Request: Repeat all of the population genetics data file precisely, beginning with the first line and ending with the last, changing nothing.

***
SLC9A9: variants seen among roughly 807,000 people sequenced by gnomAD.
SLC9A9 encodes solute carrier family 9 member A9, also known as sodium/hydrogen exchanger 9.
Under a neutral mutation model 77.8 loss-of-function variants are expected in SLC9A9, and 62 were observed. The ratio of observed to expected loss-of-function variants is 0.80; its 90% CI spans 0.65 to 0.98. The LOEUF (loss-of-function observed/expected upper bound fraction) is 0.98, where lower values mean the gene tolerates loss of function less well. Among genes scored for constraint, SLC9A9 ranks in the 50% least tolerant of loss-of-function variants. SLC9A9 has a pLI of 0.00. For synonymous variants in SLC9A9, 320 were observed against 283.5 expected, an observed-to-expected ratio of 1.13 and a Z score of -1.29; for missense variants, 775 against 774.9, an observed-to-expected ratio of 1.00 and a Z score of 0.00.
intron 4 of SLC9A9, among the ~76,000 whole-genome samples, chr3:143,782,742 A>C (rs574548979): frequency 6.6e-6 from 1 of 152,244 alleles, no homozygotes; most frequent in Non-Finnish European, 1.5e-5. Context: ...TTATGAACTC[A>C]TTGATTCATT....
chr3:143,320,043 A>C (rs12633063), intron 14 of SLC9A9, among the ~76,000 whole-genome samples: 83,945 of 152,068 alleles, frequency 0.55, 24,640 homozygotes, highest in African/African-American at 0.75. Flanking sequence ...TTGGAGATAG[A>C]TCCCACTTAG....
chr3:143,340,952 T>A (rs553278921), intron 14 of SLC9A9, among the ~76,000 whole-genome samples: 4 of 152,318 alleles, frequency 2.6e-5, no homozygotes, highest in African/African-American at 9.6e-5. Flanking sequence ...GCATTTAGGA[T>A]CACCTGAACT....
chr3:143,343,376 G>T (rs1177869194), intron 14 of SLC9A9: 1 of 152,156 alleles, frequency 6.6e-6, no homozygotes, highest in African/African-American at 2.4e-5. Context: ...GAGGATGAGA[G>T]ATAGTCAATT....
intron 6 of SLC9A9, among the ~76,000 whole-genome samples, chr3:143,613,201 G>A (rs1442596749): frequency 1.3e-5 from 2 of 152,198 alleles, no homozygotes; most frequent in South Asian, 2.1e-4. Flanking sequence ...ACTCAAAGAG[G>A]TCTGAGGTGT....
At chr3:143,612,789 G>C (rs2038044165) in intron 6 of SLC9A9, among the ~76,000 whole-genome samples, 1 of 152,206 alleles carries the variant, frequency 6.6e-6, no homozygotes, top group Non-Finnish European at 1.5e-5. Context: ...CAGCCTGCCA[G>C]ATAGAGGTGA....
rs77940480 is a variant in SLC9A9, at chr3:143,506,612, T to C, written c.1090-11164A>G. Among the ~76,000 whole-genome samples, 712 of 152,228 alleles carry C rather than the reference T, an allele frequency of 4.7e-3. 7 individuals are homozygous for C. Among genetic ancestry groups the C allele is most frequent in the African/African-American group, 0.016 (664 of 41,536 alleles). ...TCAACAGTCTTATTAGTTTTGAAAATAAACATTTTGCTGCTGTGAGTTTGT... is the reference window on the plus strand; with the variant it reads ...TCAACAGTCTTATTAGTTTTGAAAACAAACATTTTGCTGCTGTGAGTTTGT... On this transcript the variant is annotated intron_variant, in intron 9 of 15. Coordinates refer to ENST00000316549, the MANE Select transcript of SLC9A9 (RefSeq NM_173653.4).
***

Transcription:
SLC9A9: variants seen among roughly 807,000 people sequenced by gnomAD.
SLC9A9 encodes solute carrier family 9 member A9, also known as sodium/hydrogen exchanger 9.
Under a neutral mutation model 77.8 loss-of-function variants are expected in SLC9A9, and 62 were observed. The ratio of observed to expected loss-of-function variants is 0.80; its 90% CI spans 0.65 to 0.98. The LOEUF (loss-of-function observed/expected upper bound fraction) is 0.98, where lower values mean the gene tolerates loss of function less well. Among genes scored for constraint, SLC9A9 ranks in the 50% least tolerant of loss-of-function variants. SLC9A9 has a pLI of 0.00. For synonymous variants in SLC9A9, 320 were observed against 283.5 expected, an observed-to-expected ratio of 1.13 and a Z score of -1.29; for missense variants, 775 against 774.9, an observed-to-expected ratio of 1.00 and a Z score of 0.00.
intron 4 of SLC9A9, among the ~76,000 whole-genome samples, chr3:143,782,742 A>C (rs574548979): frequency 6.6e-6 from 1 of 152,244 alleles, no homozygotes; most frequent in Non-Finnish European, 1.5e-5. Context: ...TTATGAACTC[A>C]TTGATTCATT....
chr3:143,320,043 A>C (rs12633063), intron 14 of SLC9A9, among the ~76,000 whole-genome samples: 83,945 of 152,068 alleles, frequency 0.55, 24,640 homozygotes, highest in African/African-American at 0.75. Flanking sequence ...TTGGAGATAG[A>C]TCCCACTTAG....
chr3:143,340,952 T>A (rs553278921), intron 14 of SLC9A9, among the ~76,000 whole-genome samples: 4 of 152,318 alleles, frequency 2.6e-5, no homozygotes, highest in African/African-American at 9.6e-5. Flanking sequence ...GCATTTAGGA[T>A]CACCTGAACT....
chr3:143,343,376 G>T (rs1177869194), intron 14 of SLC9A9: 1 of 152,156 alleles, frequency 6.6e-6, no homozygotes, highest in African/African-American at 2.4e-5. Context: ...GAGGATGAGA[G>T]ATAGTCAATT....
intron 6 of SLC9A9, among the ~76,000 whole-genome samples, chr3:143,613,201 G>A (rs1442596749): frequency 1.3e-5 from 2 of 152,198 alleles, no homozygotes; most frequent in South Asian, 2.1e-4. Flanking sequence ...ACTCAAAGAG[G>A]TCTGAGGTGT....
At chr3:143,612,789 G>C (rs2038044165) in intron 6 of SLC9A9, among the ~76,000 whole-genome samples, 1 of 152,206 alleles carries the variant, frequency 6.6e-6, no homozygotes, top group Non-Finnish European at 1.5e-5. Context: ...CAGCCTGCCA[G>C]ATAGAGGTGA....
rs77940480 is a variant in SLC9A9, at chr3:143,506,612, T to C, written c.1090-11164A>G. Among the ~76,000 whole-genome samples, 712 of 152,228 alleles carry C rather than the reference T, an allele frequency of 4.7e-3. 7 individuals are homozygous for C. Among genetic ancestry groups the C allele is most frequent in the African/African-American group, 0.016 (664 of 41,536 alleles). ...TCAACAGTCTTATTAGTTTTGAAAATAAACATTTTGCTGCTGTGAGTTTGT... is the reference window on the plus strand; with the variant it reads ...TCAACAGTCTTATTAGTTTTGAAAACAAACATTTTGCTGCTGTGAGTTTGT... On this transcript the variant is annotated intron_variant, in intron 9 of 15. Coordinates refer to ENST00000316549, the MANE Select transcript of SLC9A9 (RefSeq NM_173653.4).